Samuel Schofield’s review published on Letterboxd:
Martin Scorsese’s magnum opus.
The Irishman is the greatest work from one of the greatest directors cinema has ever seen.
To get the obvious out of the way, the de-ageing effects used are questionable. Whether it be the shaky lip movements or Scorsese’s constant collaborator De Niro’s eyes being a neon blue worthy of a blade runner movie, there is work to be done here. That being said after a few scenes the effects seem to settle and become unnoticeable, it would help to say the effects here are much better than the effects used in the recent Star Wars films to bring back deceased actors.
This film seems to be a culmination of a glittering career, although Scorsese has done brilliant films outside of his mob flicks such as, Taxi Driver, Wolf of Wall Street and silence, the mob flicks are where he shines best. The Irishman stands on the shoulders of Goodfellas & Departed but does so proudly. There’s obvious connections to be made across the three films in regards to loyalty and power but those themes comes across a lot more real in Irishman. Take goodfellas for example you can feel the relationship between Henry (Ray Liotta) and Tommy (Joe Pesci) is significant to the extent you can understand the emotions they share given the events of the film. In Irishman however Scorsese uses the loyalty of the characters to build them up then ultimately destroy them, the way the supporting cast pull Sheeran in a million directions until he’s forced to make a decision in a 20 minute segment that will stay with me forever is masterful.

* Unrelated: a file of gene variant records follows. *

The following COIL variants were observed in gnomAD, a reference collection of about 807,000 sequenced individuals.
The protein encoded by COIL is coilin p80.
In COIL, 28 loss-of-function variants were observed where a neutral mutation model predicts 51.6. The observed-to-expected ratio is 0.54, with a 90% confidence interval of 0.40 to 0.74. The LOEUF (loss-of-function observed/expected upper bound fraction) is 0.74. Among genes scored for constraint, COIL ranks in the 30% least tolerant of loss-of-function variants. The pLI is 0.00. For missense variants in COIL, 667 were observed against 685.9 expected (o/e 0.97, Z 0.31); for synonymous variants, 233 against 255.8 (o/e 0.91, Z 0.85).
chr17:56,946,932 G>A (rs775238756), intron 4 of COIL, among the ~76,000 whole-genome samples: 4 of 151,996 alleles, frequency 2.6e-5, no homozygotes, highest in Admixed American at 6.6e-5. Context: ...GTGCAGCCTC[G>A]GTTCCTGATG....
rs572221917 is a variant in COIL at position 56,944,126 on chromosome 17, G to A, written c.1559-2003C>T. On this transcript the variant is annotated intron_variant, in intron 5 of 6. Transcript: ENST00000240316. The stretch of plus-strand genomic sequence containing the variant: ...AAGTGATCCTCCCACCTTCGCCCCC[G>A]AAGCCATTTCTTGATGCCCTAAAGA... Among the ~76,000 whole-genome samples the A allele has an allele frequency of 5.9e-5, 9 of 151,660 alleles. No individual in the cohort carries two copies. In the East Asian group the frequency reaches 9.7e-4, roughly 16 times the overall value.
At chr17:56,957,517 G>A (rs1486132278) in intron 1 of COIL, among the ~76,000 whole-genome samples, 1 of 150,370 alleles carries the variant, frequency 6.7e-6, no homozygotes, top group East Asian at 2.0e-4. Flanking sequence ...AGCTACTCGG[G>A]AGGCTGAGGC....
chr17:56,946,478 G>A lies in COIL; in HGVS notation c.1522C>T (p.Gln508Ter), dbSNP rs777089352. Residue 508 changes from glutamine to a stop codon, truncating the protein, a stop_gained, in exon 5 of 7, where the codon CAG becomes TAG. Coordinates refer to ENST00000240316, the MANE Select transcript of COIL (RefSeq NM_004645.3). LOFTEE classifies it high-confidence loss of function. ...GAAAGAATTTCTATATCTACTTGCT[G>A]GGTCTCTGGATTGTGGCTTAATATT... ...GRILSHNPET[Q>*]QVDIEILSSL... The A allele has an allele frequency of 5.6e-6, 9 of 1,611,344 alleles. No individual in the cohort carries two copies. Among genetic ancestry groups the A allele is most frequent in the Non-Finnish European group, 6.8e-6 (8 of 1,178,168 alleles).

The performances in this film might be the greatest I’ve seen in a film , I mean this in regards to a whole cast smashing every single role they’re given. De Niro and Pacino hammer home performances but Joe Pesci delivers the performance of a lifetime and maybe my favourite ever. Pesci in this film is a small man who casts a very large shadow, his presence is felt even when not on screen, you can see his words reflect in the actions of characters around him. On screen however is when he truly shines, his simple mannerisms and line delivery although aren’t explosions in emotion they deliver just as powerfully as any line given to us by Daniel Day Lewis in There Will Be Blood or Joaquin Phoenix in Joker. It is a truly remarkable performance unlike anything I’ve ever seen.
This film will likely be the final hurrah of this great collaboration and what a way to finish it is.